In October 1885 Robert Louis Stevenson’s wife woke him out of a troubled sleep, and he cried, “O, why did you wake me? I was dreaming such a fine bogey tale.”
“One man was being pressed into a cabinet, when he swallowed a drug and changed into another being,” he told an interviewer later. “I awoke and said at once that I had found the missing link for which I had been looking so long, and before I again went to sleep, almost every detail of the story, as it stands, was clear to me.”
He wrote out the tale in three days and presented it to his wife, who said he had overlooked the allegory at the heart of the idea. He grew angry, paced his room, and reappeared. “You are right,” he said. “I have absolutely missed the allegory, which after all is the whole point of it.” He threw the manuscript into the fire and spent another three days rewriting it. In all he wrote 64,000 words in six days.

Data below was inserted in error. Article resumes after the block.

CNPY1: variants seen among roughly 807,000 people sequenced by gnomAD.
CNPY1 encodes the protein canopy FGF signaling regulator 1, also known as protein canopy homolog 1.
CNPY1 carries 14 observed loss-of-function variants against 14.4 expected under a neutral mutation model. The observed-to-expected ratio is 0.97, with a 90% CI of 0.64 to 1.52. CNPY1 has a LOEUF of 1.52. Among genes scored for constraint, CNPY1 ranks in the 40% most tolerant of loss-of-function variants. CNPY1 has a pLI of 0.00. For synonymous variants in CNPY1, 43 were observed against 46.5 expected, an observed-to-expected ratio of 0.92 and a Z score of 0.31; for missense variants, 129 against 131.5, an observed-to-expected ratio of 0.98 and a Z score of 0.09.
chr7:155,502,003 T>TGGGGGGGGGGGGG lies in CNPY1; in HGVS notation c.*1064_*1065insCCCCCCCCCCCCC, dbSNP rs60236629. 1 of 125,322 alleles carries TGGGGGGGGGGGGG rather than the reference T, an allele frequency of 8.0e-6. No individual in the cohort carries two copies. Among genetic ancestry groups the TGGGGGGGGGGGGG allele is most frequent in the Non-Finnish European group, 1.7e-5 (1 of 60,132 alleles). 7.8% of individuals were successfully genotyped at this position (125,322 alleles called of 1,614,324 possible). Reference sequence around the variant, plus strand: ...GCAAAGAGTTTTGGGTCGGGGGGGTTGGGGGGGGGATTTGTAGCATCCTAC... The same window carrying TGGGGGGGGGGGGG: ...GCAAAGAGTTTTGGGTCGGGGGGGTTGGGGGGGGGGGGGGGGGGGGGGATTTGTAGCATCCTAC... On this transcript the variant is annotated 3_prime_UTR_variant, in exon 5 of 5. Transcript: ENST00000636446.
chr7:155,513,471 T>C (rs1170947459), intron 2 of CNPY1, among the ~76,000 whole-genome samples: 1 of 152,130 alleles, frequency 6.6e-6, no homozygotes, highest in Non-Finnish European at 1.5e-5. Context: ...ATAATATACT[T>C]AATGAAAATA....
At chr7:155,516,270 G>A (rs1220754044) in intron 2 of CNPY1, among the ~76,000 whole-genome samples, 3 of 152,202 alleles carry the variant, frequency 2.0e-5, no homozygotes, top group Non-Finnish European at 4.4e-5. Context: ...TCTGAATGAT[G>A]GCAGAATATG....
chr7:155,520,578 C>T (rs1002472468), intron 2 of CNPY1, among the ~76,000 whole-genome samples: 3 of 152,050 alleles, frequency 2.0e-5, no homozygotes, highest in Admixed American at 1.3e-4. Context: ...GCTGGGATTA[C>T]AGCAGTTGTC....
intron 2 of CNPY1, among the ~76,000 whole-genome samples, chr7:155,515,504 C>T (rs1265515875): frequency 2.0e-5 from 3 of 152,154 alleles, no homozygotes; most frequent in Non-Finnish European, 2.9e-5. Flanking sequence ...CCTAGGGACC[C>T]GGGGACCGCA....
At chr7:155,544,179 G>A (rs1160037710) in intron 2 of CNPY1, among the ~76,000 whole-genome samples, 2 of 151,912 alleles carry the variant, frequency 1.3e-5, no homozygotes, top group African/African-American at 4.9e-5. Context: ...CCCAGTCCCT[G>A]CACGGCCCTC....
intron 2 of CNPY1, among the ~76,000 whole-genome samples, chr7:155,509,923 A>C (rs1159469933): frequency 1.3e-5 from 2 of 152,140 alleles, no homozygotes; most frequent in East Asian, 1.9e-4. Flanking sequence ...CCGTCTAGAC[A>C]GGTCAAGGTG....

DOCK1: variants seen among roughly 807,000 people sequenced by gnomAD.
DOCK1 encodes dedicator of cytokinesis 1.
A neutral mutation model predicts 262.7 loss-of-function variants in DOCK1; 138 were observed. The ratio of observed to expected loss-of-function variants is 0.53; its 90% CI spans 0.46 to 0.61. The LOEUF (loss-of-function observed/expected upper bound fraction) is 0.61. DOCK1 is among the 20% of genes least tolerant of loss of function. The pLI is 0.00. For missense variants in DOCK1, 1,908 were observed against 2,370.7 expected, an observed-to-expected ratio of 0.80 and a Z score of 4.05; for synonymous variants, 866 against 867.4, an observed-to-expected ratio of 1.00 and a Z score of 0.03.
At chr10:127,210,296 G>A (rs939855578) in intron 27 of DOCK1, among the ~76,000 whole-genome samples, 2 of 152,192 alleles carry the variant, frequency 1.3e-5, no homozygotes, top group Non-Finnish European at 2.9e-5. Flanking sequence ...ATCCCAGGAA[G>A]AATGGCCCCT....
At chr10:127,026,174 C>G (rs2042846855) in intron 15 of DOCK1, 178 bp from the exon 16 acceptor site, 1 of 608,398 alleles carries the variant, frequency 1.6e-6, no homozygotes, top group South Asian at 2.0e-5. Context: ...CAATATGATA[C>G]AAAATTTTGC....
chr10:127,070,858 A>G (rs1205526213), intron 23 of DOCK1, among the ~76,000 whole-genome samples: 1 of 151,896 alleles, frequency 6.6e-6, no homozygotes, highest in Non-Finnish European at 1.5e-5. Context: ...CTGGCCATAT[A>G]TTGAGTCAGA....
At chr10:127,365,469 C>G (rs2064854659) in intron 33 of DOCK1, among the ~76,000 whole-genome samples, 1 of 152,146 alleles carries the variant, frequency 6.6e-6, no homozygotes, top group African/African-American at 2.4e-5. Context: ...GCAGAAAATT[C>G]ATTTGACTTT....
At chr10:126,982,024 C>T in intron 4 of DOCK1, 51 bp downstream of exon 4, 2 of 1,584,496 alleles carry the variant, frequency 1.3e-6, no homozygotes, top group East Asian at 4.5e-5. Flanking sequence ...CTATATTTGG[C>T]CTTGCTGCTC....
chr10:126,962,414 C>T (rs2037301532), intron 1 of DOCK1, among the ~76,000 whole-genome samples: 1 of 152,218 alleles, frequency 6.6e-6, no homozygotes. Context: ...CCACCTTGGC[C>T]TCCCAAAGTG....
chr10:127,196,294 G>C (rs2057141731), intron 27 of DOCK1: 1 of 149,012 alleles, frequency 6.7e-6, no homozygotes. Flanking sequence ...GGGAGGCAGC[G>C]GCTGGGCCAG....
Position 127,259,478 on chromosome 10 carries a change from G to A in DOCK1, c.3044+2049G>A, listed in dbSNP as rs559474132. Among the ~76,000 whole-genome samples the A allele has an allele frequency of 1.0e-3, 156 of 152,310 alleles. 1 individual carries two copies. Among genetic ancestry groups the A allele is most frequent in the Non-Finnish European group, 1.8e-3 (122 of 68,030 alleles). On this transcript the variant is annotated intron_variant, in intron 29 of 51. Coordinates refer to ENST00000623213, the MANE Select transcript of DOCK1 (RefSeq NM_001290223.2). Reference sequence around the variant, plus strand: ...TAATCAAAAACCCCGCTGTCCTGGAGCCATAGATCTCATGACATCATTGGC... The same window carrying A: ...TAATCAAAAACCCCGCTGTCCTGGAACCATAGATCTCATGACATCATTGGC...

As he crossed to the United States in September 1887, he had an early intimation of the book’s fame: The ill-tempered pilot of his boat had been nicknamed Hyde, and his better-natured partner was called Jekyll.